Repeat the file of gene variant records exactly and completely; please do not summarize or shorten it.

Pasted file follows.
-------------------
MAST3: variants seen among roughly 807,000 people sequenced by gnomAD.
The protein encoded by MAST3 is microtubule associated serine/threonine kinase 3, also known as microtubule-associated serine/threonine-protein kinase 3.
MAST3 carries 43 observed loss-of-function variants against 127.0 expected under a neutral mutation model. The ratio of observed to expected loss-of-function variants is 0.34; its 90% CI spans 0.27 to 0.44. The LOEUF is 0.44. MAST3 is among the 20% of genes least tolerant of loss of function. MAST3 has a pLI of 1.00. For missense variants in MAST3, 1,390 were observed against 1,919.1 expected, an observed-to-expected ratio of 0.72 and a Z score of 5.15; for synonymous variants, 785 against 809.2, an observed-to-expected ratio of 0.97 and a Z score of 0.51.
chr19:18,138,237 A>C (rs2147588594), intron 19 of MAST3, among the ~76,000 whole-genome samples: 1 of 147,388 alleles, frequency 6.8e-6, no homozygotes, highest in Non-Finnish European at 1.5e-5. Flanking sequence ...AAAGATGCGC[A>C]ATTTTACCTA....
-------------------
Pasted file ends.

MAST3: variants seen among roughly 807,000 people sequenced by gnomAD.
The protein encoded by MAST3 is microtubule associated serine/threonine kinase 3, also known as microtubule-associated serine/threonine-protein kinase 3.
MAST3 carries 43 observed loss-of-function variants against 127.0 expected under a neutral mutation model. The ratio of observed to expected loss-of-function variants is 0.34; its 90% CI spans 0.27 to 0.44. The LOEUF is 0.44. MAST3 is among the 20% of genes least tolerant of loss of function. MAST3 has a pLI of 1.00. For missense variants in MAST3, 1,390 were observed against 1,919.1 expected, an observed-to-expected ratio of 0.72 and a Z score of 5.15; for synonymous variants, 785 against 809.2, an observed-to-expected ratio of 0.97 and a Z score of 0.51.
chr19:18,138,237 A>C (rs2147588594), intron 19 of MAST3, among the ~76,000 whole-genome samples: 1 of 147,388 alleles, frequency 6.8e-6, no homozygotes, highest in Non-Finnish European at 1.5e-5. Flanking sequence ...AAAGATGCGC[A>C]ATTTTACCTA....